| Materials and Methods|| |
We screened all consecutive patients admitted in the cardiology wards with MI over 1 year (i.e. from November 2011 onward) using a carefully designed protocol. Detailed history regarding onset of pain, duration of admission, history of co-morbid illness, smoking and alcohol history, drug history (including β-blockers and sedatives) was taken and a brief clinical examination according to the protocol was carried out. A questionnaire regarding snoring, apneic episode during sleep, non-restorative sleep, nocturia, morning headaches, insomnia, epworth sleepiness score (ESS), and Berlin questionnaire was administered. Required lab investigation reports were also collected.
Patients in congestive cardiac failure (ejection fraction < 35%) were excluded from the study as there is evidence showing the incidence of central sleep apnea in such patients. Hemodynamically unstable patients and patients with a prior diagnosis of OSA were also excluded.
The study was approved by the institutional review board and all patients provided written informed consent.
Sleep studies were performed using a 12-channel in-hospital polysomnography (PSG) (Rembrant software) for quantifying sleep-disordered breathing. The parameters measured included electroencephalogram, electro-oculogram, chin electromyogram, nasal airflow (nasal cannula), thoracoabdominal movements (induction respiratory bands), arterial oxygen saturation (pulse oximetry), snoring episodes, limb movement, and electrocardiography.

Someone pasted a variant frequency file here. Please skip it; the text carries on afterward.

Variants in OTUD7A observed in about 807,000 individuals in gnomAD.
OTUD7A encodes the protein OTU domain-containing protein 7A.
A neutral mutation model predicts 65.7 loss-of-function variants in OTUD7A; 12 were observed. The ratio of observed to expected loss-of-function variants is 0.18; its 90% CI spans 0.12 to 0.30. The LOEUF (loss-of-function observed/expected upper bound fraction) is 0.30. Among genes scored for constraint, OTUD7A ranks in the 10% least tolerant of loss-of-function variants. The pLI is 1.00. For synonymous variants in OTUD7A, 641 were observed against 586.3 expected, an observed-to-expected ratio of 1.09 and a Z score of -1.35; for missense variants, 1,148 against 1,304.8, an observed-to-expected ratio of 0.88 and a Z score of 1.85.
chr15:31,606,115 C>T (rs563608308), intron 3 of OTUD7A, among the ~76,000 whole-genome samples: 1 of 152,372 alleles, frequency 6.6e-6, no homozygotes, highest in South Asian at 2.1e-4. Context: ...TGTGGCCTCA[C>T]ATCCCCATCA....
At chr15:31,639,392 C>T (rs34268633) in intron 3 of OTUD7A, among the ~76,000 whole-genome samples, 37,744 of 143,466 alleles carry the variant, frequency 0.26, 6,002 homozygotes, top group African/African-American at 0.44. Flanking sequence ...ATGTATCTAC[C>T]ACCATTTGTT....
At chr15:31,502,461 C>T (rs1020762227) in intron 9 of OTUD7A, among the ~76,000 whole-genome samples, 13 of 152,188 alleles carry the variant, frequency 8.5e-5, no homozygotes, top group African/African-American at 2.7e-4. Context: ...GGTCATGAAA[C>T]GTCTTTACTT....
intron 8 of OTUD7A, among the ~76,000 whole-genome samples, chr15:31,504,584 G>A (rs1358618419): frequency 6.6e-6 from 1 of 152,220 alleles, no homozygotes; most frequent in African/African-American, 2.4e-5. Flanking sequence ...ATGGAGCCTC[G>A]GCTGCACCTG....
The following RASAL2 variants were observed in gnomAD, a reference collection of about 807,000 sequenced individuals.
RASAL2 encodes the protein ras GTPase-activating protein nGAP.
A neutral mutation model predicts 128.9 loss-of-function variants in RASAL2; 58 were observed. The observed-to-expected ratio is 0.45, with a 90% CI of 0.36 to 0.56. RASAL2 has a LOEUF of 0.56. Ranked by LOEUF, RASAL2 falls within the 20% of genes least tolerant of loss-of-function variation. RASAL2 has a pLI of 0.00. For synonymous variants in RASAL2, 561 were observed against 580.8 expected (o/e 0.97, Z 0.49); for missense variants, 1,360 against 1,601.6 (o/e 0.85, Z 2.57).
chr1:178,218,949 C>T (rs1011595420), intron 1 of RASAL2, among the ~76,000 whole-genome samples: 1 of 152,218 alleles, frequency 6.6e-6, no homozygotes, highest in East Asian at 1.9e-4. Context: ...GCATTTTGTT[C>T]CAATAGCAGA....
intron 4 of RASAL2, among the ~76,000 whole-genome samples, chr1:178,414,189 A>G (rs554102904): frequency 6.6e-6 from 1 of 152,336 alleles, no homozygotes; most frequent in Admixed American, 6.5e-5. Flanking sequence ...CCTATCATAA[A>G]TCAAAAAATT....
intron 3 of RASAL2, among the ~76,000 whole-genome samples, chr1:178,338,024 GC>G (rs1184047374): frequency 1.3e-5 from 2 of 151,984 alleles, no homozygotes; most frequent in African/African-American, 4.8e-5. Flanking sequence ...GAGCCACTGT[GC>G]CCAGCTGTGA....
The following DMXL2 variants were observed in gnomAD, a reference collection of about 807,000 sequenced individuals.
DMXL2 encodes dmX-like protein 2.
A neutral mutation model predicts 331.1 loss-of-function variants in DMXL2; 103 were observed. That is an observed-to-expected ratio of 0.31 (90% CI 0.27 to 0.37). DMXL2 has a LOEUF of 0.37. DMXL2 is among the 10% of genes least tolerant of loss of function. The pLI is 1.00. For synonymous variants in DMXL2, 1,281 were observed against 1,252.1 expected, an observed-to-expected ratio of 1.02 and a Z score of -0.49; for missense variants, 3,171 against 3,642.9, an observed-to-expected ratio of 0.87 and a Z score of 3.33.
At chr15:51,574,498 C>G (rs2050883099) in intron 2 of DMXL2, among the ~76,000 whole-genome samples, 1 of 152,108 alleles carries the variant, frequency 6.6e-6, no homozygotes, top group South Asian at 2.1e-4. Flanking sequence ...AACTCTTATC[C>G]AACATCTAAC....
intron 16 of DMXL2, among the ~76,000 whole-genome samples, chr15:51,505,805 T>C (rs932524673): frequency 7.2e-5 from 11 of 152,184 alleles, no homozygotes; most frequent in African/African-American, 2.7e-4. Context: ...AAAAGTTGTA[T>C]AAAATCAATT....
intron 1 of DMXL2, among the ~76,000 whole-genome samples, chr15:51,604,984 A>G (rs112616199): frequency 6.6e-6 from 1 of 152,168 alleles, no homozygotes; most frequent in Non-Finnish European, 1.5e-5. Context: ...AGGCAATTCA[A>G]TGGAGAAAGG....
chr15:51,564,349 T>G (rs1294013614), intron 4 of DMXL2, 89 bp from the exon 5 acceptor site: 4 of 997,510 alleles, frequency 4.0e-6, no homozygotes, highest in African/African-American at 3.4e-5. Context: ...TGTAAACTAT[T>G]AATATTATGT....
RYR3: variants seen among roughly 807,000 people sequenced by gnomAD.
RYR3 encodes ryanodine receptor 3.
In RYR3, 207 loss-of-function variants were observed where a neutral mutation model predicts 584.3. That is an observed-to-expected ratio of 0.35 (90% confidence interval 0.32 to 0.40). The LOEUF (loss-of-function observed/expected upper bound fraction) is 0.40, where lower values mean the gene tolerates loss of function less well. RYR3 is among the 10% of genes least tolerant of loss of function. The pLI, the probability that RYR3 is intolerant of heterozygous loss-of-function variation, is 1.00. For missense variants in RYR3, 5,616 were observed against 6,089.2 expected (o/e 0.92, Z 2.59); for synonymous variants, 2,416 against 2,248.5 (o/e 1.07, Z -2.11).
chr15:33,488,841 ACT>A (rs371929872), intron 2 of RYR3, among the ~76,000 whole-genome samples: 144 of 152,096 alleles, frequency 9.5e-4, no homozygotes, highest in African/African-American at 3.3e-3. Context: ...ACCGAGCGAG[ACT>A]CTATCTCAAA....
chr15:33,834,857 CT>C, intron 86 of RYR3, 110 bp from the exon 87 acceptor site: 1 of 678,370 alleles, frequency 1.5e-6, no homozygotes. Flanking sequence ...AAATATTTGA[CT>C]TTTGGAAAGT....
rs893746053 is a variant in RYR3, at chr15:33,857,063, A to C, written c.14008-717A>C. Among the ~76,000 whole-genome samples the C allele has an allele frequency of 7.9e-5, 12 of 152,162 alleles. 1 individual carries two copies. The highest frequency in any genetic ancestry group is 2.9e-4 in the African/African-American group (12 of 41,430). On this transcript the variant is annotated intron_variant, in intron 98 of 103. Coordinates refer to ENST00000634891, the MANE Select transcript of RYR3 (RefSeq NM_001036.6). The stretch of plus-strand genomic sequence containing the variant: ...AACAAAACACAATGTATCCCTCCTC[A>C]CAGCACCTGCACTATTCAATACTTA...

Respiratory events were defined according to the revised American Academy of Sleep Medicine (AASM) criteria. An apnea was defined as cessation of airflow of >10 s, and hypopnea as a >50% reduction of airflow lasting >10 s. An event was also considered to be a hypopnea when there was a reduction in airflow that did not reach the 50% criteria, but was associated with an arterial oxygen desaturation of >4%. Apneas are classified as obstructive if there was thoracoabdominal movement and as central if there was no thoracoabdominal movement. The apnea-hypopnea index (AHI) was calculated as the number of apneas and hypopneas per hour of recording time in bed, with the start of recording at stage 1 NREM sleep. The end of the recording time was the waking time recorded by the subject.
An AHI of 15 events/h was considered clinically significant for the purpose of this study.
The data are presented in a descriptive fashion as the mean (SD) or the median (range). Univariate association between (MI) and OSA-positivity as well as other patient-related risk factors (e.g., diabetes and hypertension), which were recorded as categorical variables were evaluated using the Fisher exact test.
For continuous risk factors, the t-test or the Wilcoxon rank sum test was used. Data were statistically analyzed using the Statistical Package for the Social Sciences (SPSS for Microsoft Windows, package version 14; SPSS Inc.; Chicago, IL, USA). Assuming a two-sided test, the statistical significance was pegged at a P < 0.05.
| Results|| |
During the study period, a total of 55 patients who were admitted with acute MI were screened [Figure 1]. Eight patients met the exclusion criteria. An overnight sleep study was done in 44 patients and completed in 42 patients. The sleep study was not satisfactory for analysis in the remaining two patients as they had slept for less than 3 hours.
The mean (±SD) age was 57.5 ± 10.44 years and the majority of patients were males (n = 47, males = 37, 78.7%) [Table 1].
Twenty three patients (48.9%) were smokers, significantly higher than seen in the general population and 11 (23.4%) patients gave a history of alcohol abuse.
Cardiovascular disease characteristics
The most common type of MI seen in these patients was anterior wall MI seen in 24 patients (51.1%). The next most common type of MI was the non-ST elevation MI seen in 12 patients (25.5%) [Figure 2].